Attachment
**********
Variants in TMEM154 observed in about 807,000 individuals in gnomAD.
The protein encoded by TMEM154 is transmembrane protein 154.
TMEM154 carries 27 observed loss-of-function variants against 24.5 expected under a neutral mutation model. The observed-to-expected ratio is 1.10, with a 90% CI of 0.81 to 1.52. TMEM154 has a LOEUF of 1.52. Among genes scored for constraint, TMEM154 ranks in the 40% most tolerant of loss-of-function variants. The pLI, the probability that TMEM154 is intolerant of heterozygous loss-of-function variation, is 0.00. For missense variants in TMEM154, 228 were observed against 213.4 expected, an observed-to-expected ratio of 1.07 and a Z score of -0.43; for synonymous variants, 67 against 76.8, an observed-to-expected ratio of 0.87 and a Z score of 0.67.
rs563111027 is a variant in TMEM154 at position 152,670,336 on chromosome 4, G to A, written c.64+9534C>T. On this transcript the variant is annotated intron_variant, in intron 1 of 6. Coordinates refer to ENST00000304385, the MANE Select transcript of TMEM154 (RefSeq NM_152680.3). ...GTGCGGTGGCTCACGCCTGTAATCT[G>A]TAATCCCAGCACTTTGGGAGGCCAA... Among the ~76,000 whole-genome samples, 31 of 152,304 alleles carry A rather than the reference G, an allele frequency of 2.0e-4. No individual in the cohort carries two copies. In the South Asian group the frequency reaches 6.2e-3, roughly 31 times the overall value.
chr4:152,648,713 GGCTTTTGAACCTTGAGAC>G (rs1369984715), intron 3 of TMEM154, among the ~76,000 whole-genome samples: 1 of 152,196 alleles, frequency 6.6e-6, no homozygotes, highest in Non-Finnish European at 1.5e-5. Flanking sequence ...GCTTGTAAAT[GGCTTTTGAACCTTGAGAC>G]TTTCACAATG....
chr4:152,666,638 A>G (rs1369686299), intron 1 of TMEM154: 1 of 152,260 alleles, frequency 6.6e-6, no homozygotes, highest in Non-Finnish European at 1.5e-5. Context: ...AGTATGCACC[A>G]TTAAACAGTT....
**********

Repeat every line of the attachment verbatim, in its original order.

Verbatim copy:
Variants in TMEM154 observed in about 807,000 individuals in gnomAD.
The protein encoded by TMEM154 is transmembrane protein 154.
TMEM154 carries 27 observed loss-of-function variants against 24.5 expected under a neutral mutation model. The observed-to-expected ratio is 1.10, with a 90% CI of 0.81 to 1.52. TMEM154 has a LOEUF of 1.52. Among genes scored for constraint, TMEM154 ranks in the 40% most tolerant of loss-of-function variants. The pLI, the probability that TMEM154 is intolerant of heterozygous loss-of-function variation, is 0.00. For missense variants in TMEM154, 228 were observed against 213.4 expected, an observed-to-expected ratio of 1.07 and a Z score of -0.43; for synonymous variants, 67 against 76.8, an observed-to-expected ratio of 0.87 and a Z score of 0.67.
rs563111027 is a variant in TMEM154 at position 152,670,336 on chromosome 4, G to A, written c.64+9534C>T. On this transcript the variant is annotated intron_variant, in intron 1 of 6. Coordinates refer to ENST00000304385, the MANE Select transcript of TMEM154 (RefSeq NM_152680.3). ...GTGCGGTGGCTCACGCCTGTAATCT[G>A]TAATCCCAGCACTTTGGGAGGCCAA... Among the ~76,000 whole-genome samples, 31 of 152,304 alleles carry A rather than the reference G, an allele frequency of 2.0e-4. No individual in the cohort carries two copies. In the South Asian group the frequency reaches 6.2e-3, roughly 31 times the overall value.
chr4:152,648,713 GGCTTTTGAACCTTGAGAC>G (rs1369984715), intron 3 of TMEM154, among the ~76,000 whole-genome samples: 1 of 152,196 alleles, frequency 6.6e-6, no homozygotes, highest in Non-Finnish European at 1.5e-5. Flanking sequence ...GCTTGTAAAT[GGCTTTTGAACCTTGAGAC>G]TTTCACAATG....
chr4:152,666,638 A>G (rs1369686299), intron 1 of TMEM154: 1 of 152,260 alleles, frequency 6.6e-6, no homozygotes, highest in Non-Finnish European at 1.5e-5. Context: ...AGTATGCACC[A>G]TTAAACAGTT....